Monday, September 22, 2003
— Dave Matthews steps away from his band mates on “Some Devil” (RCA). But the set still boasts a big production sound, as Matthews has welcomed support from his longtime pals Tim Reynolds and Trey Anastasio, plus the Dirty Dozen Brass Band, Emmylou Harris and more.
— OutKast releases “Speakerxxx: The Love Below” (LaFace/Arista), a double-disc set with a bonus, limited edition DVD.
— Nickelback, Canada’s hottest export of the hour, summons up a fourth studio set of tuneful rockers, “The Long Road” (Roadrunner).
— There’s nothing like falling in love to inspire a songwriter’s creative juices. So it is with Elvis Costello and his new romantic suite, “North” (Deutsche Grammophon), clearly sparked by his significant other, Diana Krall.
— A cover of Elvis Costello’s “Tear Off Your Own Head (It’s a Doll Revolution)” is featured on and inspires the title of the new Bangles reunion album “Doll Revolution” (Koch). First edition features a bonus DVD with music video, documentary and musical rarities.
— Showing lots of old-school showbiz flair (verging at times on Broadway and opera) is Rufus Wainwright’s “Want” (DreamWorks), a posh and wry vision of New York gay life, lushly and theatrically orchestrated.
— Actor Billy Bob Thornton tries again to cross over to the music scene with “The Edge of the World” (Sanctuary), his cause boosted by the likes of Joe Walsh, Tommy Shaw, Daniel Lanois and Marty Stuart.
— With Raul Malo finally back in the fold, the Mavericks are in strong form again on their new self-titled album for Sanctuary Records. Their definition of Americana rock includes a big dose of Roy Orbison dramatics on the likes of “In My Dreams” and “Wondering,” the Texas swing of “Because of You” and Mariachi spunk on the anthemic “Shine a Light.”
— The String Cheese Incident strives for a more varied and craft- conscious approach on its fourth album, “Untying the Not” (Sci- Fidelity Records), with material largely inspired, its members say, by “life’s obscenities.”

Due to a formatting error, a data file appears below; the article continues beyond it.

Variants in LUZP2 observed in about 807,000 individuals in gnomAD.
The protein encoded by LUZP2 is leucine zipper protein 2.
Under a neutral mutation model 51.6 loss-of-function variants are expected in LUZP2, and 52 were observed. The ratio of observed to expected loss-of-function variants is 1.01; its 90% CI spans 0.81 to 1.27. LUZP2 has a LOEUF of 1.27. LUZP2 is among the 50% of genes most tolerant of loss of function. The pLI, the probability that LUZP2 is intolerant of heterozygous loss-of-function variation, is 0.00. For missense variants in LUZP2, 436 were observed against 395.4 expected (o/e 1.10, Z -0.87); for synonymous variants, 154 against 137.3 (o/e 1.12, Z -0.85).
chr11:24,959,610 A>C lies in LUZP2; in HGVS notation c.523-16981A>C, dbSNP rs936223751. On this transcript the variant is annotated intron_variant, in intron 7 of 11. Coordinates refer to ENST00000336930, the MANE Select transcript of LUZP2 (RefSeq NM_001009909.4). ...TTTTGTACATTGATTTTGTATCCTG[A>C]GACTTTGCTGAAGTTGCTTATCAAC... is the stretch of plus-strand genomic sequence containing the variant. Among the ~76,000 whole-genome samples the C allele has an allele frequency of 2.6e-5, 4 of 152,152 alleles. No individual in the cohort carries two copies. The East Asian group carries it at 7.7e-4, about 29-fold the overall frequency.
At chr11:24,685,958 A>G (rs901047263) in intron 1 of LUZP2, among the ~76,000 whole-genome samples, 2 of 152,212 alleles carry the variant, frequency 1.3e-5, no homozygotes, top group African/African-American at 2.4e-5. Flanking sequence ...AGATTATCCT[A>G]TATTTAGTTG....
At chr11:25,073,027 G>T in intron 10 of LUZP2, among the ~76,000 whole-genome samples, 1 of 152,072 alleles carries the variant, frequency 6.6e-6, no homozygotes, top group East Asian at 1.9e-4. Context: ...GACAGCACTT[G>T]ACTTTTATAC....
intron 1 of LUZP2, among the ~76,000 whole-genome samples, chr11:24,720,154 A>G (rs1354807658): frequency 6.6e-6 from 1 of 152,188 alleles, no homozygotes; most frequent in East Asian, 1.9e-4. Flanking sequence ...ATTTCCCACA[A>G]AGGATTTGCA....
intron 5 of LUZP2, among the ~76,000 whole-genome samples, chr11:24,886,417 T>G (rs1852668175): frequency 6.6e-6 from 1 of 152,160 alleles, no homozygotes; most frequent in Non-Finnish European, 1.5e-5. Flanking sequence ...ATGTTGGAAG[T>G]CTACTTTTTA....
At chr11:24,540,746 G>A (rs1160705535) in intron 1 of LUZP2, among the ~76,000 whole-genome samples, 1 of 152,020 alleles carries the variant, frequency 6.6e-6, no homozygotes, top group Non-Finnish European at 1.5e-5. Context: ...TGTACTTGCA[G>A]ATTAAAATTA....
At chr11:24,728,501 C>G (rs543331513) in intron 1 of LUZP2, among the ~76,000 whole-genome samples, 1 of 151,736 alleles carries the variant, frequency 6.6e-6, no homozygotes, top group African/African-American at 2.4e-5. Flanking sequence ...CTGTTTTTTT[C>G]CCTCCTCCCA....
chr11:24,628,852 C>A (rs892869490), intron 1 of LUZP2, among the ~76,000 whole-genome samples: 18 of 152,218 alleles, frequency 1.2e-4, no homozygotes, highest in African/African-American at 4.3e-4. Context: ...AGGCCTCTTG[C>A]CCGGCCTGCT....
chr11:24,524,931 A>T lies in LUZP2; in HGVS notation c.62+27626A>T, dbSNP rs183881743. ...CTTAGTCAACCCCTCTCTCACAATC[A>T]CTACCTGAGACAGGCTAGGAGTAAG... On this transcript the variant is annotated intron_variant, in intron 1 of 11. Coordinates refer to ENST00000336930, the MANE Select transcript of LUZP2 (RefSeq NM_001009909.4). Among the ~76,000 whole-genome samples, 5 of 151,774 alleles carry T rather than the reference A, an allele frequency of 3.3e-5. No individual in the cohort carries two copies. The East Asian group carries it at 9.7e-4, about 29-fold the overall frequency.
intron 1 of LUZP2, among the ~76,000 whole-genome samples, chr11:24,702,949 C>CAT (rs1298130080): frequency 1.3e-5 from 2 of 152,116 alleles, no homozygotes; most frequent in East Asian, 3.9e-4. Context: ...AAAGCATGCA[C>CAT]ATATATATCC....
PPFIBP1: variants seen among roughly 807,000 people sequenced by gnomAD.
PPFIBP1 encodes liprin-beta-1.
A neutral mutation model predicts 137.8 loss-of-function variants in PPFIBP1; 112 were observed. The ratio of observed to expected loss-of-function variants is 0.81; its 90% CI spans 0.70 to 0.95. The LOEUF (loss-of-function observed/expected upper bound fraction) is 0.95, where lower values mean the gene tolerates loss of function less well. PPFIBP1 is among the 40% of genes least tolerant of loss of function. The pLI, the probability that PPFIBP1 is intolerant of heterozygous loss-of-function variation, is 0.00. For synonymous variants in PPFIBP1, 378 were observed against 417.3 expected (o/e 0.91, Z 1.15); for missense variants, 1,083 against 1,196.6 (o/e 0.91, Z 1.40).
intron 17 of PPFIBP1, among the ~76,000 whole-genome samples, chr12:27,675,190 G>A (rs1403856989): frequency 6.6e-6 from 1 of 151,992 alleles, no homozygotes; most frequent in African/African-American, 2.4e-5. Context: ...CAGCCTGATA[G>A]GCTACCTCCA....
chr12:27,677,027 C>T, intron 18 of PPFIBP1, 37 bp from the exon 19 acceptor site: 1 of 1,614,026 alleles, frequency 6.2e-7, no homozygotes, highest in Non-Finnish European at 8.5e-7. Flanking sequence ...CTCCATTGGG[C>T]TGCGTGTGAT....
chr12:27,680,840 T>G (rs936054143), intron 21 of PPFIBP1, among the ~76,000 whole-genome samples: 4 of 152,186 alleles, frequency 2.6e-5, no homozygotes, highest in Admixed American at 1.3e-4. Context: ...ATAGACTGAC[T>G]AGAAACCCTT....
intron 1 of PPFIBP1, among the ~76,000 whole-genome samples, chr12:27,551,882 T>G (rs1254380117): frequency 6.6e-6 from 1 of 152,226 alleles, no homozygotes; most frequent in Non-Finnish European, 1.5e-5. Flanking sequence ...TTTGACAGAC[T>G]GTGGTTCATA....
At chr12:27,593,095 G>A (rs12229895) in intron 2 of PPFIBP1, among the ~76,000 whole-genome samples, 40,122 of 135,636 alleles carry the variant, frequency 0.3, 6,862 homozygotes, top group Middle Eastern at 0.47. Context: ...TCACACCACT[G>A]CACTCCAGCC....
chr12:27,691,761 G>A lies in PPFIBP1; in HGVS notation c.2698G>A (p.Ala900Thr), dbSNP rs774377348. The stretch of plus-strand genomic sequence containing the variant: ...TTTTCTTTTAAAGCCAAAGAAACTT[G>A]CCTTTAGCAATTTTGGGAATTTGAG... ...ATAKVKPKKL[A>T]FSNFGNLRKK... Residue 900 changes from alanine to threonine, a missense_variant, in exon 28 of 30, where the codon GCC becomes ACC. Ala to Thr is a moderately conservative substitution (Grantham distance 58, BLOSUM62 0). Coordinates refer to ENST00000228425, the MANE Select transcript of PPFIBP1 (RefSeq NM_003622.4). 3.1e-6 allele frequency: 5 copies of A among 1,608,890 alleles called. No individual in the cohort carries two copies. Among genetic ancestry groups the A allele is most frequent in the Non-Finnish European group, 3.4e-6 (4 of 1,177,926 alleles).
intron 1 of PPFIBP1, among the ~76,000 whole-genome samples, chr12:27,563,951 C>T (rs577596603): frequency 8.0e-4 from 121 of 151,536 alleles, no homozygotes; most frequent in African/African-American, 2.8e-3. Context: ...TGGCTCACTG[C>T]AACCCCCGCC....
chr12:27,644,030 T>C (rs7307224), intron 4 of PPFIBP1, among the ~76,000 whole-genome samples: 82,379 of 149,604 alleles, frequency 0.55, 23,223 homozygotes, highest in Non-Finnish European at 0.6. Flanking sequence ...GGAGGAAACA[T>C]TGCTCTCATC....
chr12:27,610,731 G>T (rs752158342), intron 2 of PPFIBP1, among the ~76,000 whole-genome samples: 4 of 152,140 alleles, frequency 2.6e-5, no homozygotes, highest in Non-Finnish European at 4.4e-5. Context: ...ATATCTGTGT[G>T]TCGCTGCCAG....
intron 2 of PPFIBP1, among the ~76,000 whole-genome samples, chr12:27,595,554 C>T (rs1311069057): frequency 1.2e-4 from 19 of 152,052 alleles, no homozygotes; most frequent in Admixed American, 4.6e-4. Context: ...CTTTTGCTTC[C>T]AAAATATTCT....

— “Welcome to the Middle” (Universal) is a great introduction to Laguardia, a sophisticated, substantial sounding rock group from Philadelphia, at turns lush and quirky (in a British sort of way).
— While much admired by peers, husky-throated singer-songwriter Joe Henry has yet to win a wide following. Arguing for attention anew is his darkly atmospheric, jazz-tinged new set of mini-movies, “Tiny Voices” (Anti).
— Meat Loaf cranks up the Broadway-meets-Springsteen rock histrionics anew on “Couldn’t Have Said It Better” (Sanctuary), with major opuses like the title track, “Did I Say That,” “Man of Steel” and a 10-minute version of Dylan’s “Forever Young.”
— On “More Jack Than God” (Sanctuary), the durable Jack Bruce delivers dramatic, big-picture rock songs and also tosses in a couple of classics crafted in his Cream days.
— Talented cabaret performer Stew has “Something Deeper Than These Changes” (Smile/Image Entertainment).
— The offbeat show-and-tell troupe Trachtenberg Family Slideshow Players project “Vintage Slide Collections From Seattle, Volume 1” (Bar None).
— Consummate mandolin pickers Sam Bush and David Grisman have a great time (and so will you) working bluegrass and jazzgrass instrumental numbers on “Hold On, We’re Strumming” (Acoustic Disc).
— Capercaillie blends modern sampling and scratching percussion with its Celtic music to surprisingly good effect on “Choice Language” (Sanctuary).
— Ruminating balladeer John Gorka returns to the Red House label with “Old Futures Gone,” softening his vocal attack to good effect.